Chronic Complainers Notch Big Win Against Landlords

by James A. Bacon

Whether you agree or disagree with Attorney General Mark Herring’s position on the case, a dispute between an unnamed individual with mental health issues and her Manassas landlords, Gia and Ernest Hairston, makes a fascinating case study. In a press release, Herring touts the outcome — the landlords paying the tenant $60,000 in compensation — as a victory for the disabled. Based upon upon the facts provided in the press release, it looks more like a victory for chronic complainers.

Here are the facts as contained in a Herring press release issued today. The tenant rented a condominium unit from the Hairstons in the summer of 2018. She told Mr. Hairston that she lived with a mental health condition that was currently under control. After moving in, she complained about the air conditioning system on very hot days and made requests for other repairs.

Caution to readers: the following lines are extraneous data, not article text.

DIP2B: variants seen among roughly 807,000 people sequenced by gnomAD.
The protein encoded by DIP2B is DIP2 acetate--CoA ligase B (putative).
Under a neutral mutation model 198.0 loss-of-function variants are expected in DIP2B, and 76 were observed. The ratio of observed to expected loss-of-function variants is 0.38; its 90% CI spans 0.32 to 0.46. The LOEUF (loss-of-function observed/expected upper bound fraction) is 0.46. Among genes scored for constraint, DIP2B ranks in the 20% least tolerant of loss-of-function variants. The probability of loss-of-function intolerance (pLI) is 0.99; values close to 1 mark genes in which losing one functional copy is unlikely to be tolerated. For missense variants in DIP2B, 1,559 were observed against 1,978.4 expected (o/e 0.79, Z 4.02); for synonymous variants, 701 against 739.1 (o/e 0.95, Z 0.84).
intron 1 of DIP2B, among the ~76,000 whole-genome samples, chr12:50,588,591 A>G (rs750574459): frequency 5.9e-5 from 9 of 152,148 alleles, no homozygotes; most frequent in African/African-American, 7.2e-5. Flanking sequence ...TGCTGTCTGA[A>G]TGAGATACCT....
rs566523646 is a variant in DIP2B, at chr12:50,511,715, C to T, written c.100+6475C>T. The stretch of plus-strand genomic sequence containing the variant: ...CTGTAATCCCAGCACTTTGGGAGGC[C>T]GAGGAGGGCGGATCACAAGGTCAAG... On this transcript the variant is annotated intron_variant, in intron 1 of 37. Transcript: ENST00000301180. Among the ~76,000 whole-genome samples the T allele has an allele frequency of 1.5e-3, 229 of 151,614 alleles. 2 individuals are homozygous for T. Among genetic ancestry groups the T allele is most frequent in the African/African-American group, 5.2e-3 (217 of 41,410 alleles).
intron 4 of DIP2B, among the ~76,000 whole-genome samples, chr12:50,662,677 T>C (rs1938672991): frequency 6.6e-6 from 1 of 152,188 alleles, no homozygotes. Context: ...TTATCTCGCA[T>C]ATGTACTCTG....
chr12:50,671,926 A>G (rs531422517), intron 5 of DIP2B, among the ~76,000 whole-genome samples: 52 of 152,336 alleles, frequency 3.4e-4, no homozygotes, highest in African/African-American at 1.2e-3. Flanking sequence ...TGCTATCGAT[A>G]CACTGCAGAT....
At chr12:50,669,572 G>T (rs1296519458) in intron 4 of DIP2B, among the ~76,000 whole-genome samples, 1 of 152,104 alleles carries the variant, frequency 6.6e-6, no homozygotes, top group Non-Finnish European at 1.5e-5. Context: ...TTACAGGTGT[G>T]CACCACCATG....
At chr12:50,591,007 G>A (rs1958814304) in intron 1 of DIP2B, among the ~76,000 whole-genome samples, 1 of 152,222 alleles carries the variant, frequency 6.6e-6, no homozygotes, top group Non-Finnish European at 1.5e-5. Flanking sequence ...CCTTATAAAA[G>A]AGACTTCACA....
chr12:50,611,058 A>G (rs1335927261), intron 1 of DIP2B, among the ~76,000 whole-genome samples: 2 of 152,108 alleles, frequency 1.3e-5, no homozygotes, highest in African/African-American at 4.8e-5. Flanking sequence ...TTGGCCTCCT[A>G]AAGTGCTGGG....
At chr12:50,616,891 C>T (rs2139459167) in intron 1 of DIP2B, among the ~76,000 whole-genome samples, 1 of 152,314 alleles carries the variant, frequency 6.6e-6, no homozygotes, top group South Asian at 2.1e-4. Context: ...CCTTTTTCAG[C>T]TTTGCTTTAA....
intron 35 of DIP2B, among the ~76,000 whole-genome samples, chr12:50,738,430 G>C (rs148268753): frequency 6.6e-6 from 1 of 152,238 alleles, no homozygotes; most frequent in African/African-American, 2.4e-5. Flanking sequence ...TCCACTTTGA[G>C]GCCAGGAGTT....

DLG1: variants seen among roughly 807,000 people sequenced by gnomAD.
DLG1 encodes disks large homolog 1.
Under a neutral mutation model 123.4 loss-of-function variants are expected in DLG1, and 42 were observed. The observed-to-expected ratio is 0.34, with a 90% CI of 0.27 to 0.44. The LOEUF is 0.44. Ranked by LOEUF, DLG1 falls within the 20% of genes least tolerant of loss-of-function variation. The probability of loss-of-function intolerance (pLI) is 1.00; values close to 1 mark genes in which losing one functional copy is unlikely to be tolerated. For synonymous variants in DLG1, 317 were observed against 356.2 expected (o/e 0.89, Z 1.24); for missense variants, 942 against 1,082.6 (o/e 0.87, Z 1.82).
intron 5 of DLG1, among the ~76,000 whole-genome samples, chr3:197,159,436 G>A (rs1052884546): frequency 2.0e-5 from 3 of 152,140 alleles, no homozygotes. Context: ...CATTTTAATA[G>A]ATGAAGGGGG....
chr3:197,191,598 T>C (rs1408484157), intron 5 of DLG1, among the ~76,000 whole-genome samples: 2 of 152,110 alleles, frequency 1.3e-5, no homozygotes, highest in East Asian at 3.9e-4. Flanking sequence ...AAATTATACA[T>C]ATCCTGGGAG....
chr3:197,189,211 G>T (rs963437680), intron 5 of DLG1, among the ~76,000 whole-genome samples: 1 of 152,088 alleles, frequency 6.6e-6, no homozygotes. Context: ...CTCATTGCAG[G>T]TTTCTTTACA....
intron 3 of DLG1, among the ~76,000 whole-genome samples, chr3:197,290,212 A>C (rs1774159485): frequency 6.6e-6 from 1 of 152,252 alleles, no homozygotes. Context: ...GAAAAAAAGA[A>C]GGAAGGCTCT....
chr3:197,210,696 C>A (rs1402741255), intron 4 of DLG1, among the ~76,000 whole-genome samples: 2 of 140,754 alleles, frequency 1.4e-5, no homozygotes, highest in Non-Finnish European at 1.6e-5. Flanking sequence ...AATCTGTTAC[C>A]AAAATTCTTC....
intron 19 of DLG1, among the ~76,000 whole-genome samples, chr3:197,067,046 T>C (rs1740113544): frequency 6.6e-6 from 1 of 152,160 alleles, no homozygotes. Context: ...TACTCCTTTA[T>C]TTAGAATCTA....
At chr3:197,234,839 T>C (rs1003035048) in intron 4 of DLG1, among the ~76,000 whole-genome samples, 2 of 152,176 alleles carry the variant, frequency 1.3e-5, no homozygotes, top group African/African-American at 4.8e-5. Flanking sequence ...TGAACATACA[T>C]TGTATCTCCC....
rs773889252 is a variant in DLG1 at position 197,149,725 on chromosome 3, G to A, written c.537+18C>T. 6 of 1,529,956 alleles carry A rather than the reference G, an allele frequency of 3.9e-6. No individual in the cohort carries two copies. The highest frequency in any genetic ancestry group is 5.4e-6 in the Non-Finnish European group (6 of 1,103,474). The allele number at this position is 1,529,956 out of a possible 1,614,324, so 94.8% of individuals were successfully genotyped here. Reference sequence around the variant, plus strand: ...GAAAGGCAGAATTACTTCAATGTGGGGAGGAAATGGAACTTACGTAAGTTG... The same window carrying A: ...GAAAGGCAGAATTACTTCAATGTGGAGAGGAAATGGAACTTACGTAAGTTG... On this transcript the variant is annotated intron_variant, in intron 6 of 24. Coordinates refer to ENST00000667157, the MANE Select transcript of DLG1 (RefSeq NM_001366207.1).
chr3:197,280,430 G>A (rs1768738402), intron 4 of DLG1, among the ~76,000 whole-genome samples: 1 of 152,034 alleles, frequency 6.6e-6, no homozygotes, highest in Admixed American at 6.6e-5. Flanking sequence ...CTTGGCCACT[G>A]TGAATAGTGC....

Mr. Hairston became frustrated by the maintenance requests, telling her that “any adult” would know better and that she was being “difficult” and “a problem.” He said the maintenance concerns were “all in her head.” To document the necessity for the repair requests, the tenant asked that any time the Hairstons came to the unit that her therapist or caseworker be present. After agreeing initially, Mr. Hairston then terminated her lease, giving her 90 days to move.

Mr. Hairston explained that the reason for the termination was because the tenant had “special needs” and couldn’t “understand, cope, or compromise.” Specifically, he stated: “[Y]ou needing to be with your therapist to talk to us whether through text, email or in person to handle business is a special accommodation whether you think it is or not. Adults and people that function normally without special needs don’t require that type of accommodation. It’s ok that you have these special needs. We just can’t accommodate you. You will be a problem for us. So it’s best you move. […] You have a hard time understanding, coping and compromising. It’s best we just part ways as soon as possible.